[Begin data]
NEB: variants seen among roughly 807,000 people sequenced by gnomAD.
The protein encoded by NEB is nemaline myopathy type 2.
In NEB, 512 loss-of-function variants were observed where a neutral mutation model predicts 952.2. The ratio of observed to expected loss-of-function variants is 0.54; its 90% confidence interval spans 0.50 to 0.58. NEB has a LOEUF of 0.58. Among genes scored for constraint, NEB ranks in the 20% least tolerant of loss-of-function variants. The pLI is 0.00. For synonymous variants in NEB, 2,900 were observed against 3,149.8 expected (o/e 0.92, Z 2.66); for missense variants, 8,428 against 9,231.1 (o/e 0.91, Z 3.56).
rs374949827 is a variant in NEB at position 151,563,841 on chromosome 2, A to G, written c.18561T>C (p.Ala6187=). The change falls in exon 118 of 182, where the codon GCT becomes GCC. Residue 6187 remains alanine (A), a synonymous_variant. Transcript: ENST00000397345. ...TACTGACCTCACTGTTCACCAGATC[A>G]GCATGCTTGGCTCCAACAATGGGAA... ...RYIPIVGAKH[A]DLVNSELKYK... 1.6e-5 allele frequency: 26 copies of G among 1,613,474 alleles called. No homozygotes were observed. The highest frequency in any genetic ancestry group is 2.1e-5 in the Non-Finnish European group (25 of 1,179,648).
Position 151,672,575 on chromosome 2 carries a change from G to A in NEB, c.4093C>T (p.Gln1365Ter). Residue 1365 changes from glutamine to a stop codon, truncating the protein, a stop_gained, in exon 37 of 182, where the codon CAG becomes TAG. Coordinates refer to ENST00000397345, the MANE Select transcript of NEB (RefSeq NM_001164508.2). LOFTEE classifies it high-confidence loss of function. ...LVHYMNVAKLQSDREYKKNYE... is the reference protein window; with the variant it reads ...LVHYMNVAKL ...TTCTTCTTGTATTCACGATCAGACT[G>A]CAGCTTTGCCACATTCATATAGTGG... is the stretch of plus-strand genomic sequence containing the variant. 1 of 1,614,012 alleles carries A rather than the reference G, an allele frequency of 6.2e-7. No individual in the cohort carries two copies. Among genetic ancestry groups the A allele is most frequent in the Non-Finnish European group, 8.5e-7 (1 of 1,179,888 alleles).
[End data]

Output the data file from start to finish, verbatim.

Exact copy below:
NEB: variants seen among roughly 807,000 people sequenced by gnomAD.
The protein encoded by NEB is nemaline myopathy type 2.
In NEB, 512 loss-of-function variants were observed where a neutral mutation model predicts 952.2. The ratio of observed to expected loss-of-function variants is 0.54; its 90% confidence interval spans 0.50 to 0.58. NEB has a LOEUF of 0.58. Among genes scored for constraint, NEB ranks in the 20% least tolerant of loss-of-function variants. The pLI is 0.00. For synonymous variants in NEB, 2,900 were observed against 3,149.8 expected (o/e 0.92, Z 2.66); for missense variants, 8,428 against 9,231.1 (o/e 0.91, Z 3.56).
rs374949827 is a variant in NEB at position 151,563,841 on chromosome 2, A to G, written c.18561T>C (p.Ala6187=). The change falls in exon 118 of 182, where the codon GCT becomes GCC. Residue 6187 remains alanine (A), a synonymous_variant. Transcript: ENST00000397345. ...TACTGACCTCACTGTTCACCAGATC[A>G]GCATGCTTGGCTCCAACAATGGGAA... ...RYIPIVGAKH[A]DLVNSELKYK... 1.6e-5 allele frequency: 26 copies of G among 1,613,474 alleles called. No homozygotes were observed. The highest frequency in any genetic ancestry group is 2.1e-5 in the Non-Finnish European group (25 of 1,179,648).
Position 151,672,575 on chromosome 2 carries a change from G to A in NEB, c.4093C>T (p.Gln1365Ter). Residue 1365 changes from glutamine to a stop codon, truncating the protein, a stop_gained, in exon 37 of 182, where the codon CAG becomes TAG. Coordinates refer to ENST00000397345, the MANE Select transcript of NEB (RefSeq NM_001164508.2). LOFTEE classifies it high-confidence loss of function. ...LVHYMNVAKLQSDREYKKNYE... is the reference protein window; with the variant it reads ...LVHYMNVAKL ...TTCTTCTTGTATTCACGATCAGACT[G>A]CAGCTTTGCCACATTCATATAGTGG... is the stretch of plus-strand genomic sequence containing the variant. 1 of 1,614,012 alleles carries A rather than the reference G, an allele frequency of 6.2e-7. No individual in the cohort carries two copies. Among genetic ancestry groups the A allele is most frequent in the Non-Finnish European group, 8.5e-7 (1 of 1,179,888 alleles).